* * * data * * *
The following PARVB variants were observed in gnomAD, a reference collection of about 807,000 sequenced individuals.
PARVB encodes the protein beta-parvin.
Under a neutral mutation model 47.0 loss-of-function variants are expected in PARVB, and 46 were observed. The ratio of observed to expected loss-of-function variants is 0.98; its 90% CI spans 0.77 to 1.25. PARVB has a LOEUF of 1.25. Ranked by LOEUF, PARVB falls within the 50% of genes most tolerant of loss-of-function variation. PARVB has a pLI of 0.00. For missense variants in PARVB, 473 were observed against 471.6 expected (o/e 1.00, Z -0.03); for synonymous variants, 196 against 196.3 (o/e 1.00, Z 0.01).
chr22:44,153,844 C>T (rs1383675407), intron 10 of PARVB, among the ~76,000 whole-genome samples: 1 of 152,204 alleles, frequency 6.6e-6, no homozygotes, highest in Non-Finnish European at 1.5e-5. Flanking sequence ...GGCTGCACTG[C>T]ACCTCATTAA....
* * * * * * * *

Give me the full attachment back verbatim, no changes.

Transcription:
The following PARVB variants were observed in gnomAD, a reference collection of about 807,000 sequenced individuals.
PARVB encodes the protein beta-parvin.
Under a neutral mutation model 47.0 loss-of-function variants are expected in PARVB, and 46 were observed. The ratio of observed to expected loss-of-function variants is 0.98; its 90% CI spans 0.77 to 1.25. PARVB has a LOEUF of 1.25. Ranked by LOEUF, PARVB falls within the 50% of genes most tolerant of loss-of-function variation. PARVB has a pLI of 0.00. For missense variants in PARVB, 473 were observed against 471.6 expected (o/e 1.00, Z -0.03); for synonymous variants, 196 against 196.3 (o/e 1.00, Z 0.01).
chr22:44,153,844 C>T (rs1383675407), intron 10 of PARVB, among the ~76,000 whole-genome samples: 1 of 152,204 alleles, frequency 6.6e-6, no homozygotes, highest in Non-Finnish European at 1.5e-5. Flanking sequence ...GGCTGCACTG[C>T]ACCTCATTAA....